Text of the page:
IBM researchers created the world's smallest stop-motion film. IBM says it has been verified as the smallest by Guinness World Records. The movie uses thousands of precisely placed atoms to create nearly 250 frames of stop-motion action. IBM researchers used a scanning tunneling microscope to move thousands of carbon monoxide molecules (two atoms stacked on top of each other).
Christopher Lutz, Research Scientist, IBM Research., said in a statement, "This Nobel Prize winning tool was the first device that enabled scientists to visualize the world all the way down to single atoms. It weighs two tons, operates at a temperature of negative 268 degrees Celsius and magnifies the atomic surface over 100 million times. The ability to control the temperature, pressure and vibrations at exact levels makes our IBM Research lab one of the few places in the world where atoms can be moved with such precision."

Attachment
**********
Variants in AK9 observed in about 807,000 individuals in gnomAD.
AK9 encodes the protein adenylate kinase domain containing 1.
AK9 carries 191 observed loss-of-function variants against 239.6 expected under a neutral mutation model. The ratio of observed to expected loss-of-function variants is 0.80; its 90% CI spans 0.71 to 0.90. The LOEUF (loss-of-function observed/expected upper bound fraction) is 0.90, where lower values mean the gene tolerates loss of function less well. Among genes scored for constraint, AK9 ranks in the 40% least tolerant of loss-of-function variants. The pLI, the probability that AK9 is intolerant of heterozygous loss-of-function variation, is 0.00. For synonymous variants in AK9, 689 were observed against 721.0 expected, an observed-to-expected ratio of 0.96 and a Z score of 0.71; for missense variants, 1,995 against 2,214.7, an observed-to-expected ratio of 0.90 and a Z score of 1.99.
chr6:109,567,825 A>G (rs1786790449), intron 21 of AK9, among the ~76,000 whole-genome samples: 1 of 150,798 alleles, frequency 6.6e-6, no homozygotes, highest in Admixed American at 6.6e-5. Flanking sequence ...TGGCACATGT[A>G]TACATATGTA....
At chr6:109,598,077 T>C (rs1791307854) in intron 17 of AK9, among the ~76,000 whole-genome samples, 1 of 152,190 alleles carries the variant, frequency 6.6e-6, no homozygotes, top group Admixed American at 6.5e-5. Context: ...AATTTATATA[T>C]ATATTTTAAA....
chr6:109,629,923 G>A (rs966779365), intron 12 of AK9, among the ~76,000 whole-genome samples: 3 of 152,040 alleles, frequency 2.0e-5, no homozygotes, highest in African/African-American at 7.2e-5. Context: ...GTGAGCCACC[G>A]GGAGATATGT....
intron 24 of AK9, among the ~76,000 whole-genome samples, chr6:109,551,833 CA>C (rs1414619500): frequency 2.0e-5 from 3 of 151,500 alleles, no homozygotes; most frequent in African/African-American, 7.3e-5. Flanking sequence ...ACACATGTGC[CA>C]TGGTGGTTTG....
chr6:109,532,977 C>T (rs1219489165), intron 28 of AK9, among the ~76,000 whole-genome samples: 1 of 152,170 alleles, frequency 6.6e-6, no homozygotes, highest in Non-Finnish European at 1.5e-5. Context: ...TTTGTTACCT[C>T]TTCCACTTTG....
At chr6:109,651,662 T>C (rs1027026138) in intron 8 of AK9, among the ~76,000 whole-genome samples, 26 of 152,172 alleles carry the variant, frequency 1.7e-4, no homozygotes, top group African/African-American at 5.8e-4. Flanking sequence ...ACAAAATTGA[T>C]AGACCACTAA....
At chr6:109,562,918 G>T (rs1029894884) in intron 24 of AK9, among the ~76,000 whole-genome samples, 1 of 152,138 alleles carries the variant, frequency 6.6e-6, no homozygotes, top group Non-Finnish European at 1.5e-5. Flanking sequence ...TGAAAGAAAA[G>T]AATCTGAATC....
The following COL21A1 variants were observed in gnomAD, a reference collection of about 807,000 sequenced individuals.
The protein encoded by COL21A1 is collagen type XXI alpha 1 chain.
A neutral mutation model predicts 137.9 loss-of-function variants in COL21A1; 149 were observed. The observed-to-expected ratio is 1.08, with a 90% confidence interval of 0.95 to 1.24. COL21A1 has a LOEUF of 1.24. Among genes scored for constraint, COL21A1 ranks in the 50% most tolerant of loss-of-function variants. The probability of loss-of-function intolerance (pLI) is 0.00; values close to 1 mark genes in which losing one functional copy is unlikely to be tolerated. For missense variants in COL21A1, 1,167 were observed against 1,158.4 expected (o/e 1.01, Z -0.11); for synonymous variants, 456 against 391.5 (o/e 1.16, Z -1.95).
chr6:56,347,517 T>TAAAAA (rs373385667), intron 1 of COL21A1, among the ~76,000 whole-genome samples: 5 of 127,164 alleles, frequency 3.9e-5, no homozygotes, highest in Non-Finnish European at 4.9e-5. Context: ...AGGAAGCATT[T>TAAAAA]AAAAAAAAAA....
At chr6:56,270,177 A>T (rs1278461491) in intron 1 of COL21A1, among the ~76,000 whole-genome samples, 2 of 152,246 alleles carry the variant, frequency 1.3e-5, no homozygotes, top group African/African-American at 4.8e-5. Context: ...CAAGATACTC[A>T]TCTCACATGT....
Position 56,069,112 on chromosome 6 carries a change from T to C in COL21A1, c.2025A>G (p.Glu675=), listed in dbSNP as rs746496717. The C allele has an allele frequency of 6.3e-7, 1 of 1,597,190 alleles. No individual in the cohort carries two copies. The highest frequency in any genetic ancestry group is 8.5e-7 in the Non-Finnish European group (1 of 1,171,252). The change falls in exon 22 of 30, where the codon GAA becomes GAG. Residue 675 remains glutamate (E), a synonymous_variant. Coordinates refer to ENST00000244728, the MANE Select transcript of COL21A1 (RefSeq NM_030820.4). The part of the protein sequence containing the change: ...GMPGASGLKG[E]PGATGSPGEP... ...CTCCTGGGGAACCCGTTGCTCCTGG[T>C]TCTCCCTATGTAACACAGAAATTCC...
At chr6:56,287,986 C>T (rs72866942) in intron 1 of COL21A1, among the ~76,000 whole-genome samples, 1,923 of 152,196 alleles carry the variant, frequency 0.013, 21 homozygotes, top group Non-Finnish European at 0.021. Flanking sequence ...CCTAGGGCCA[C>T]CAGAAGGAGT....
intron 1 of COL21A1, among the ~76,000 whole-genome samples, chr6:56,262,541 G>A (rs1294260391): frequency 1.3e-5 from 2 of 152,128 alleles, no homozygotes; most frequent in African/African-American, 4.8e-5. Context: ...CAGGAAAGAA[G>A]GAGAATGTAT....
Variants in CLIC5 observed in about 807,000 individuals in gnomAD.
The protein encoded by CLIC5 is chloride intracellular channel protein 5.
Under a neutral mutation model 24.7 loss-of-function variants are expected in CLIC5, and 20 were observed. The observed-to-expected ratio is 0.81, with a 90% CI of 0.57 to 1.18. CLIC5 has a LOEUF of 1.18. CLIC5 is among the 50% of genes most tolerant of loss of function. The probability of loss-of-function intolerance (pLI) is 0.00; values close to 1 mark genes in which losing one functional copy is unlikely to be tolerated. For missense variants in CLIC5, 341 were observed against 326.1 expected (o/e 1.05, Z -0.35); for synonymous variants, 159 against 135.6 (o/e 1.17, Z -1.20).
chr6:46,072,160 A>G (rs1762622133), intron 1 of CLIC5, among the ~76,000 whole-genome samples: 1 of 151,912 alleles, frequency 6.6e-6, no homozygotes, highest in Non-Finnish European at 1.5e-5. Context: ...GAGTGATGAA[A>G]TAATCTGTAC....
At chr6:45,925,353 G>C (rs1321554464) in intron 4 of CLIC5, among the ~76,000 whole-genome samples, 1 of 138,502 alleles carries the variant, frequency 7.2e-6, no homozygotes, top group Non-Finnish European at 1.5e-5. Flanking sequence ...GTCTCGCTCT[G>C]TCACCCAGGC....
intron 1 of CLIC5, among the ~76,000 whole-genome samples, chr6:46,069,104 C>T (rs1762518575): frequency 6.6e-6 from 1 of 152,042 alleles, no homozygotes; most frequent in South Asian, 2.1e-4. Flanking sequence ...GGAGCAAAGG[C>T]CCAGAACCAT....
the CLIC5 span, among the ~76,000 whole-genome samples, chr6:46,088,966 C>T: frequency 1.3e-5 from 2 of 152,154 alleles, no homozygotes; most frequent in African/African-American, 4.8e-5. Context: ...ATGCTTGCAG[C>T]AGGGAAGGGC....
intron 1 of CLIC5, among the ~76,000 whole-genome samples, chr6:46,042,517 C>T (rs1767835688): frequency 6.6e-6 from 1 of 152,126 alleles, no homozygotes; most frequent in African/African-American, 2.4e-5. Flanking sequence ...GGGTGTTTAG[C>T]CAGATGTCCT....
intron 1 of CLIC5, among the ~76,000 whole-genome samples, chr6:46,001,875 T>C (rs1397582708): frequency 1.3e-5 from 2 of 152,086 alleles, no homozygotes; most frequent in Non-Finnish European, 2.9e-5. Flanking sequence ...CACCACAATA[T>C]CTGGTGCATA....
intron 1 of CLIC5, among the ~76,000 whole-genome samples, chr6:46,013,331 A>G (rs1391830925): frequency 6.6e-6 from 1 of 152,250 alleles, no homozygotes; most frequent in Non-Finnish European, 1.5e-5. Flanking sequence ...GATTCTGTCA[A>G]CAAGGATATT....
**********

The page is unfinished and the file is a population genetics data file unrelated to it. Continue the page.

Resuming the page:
The movie is so small it can be seen only when you magnify it 100 million times. The first clip is the movie - A Boy And His Atom - and the second clip explains how it was done. A third video about the scanning tunneling microscope can be found here. Take a look: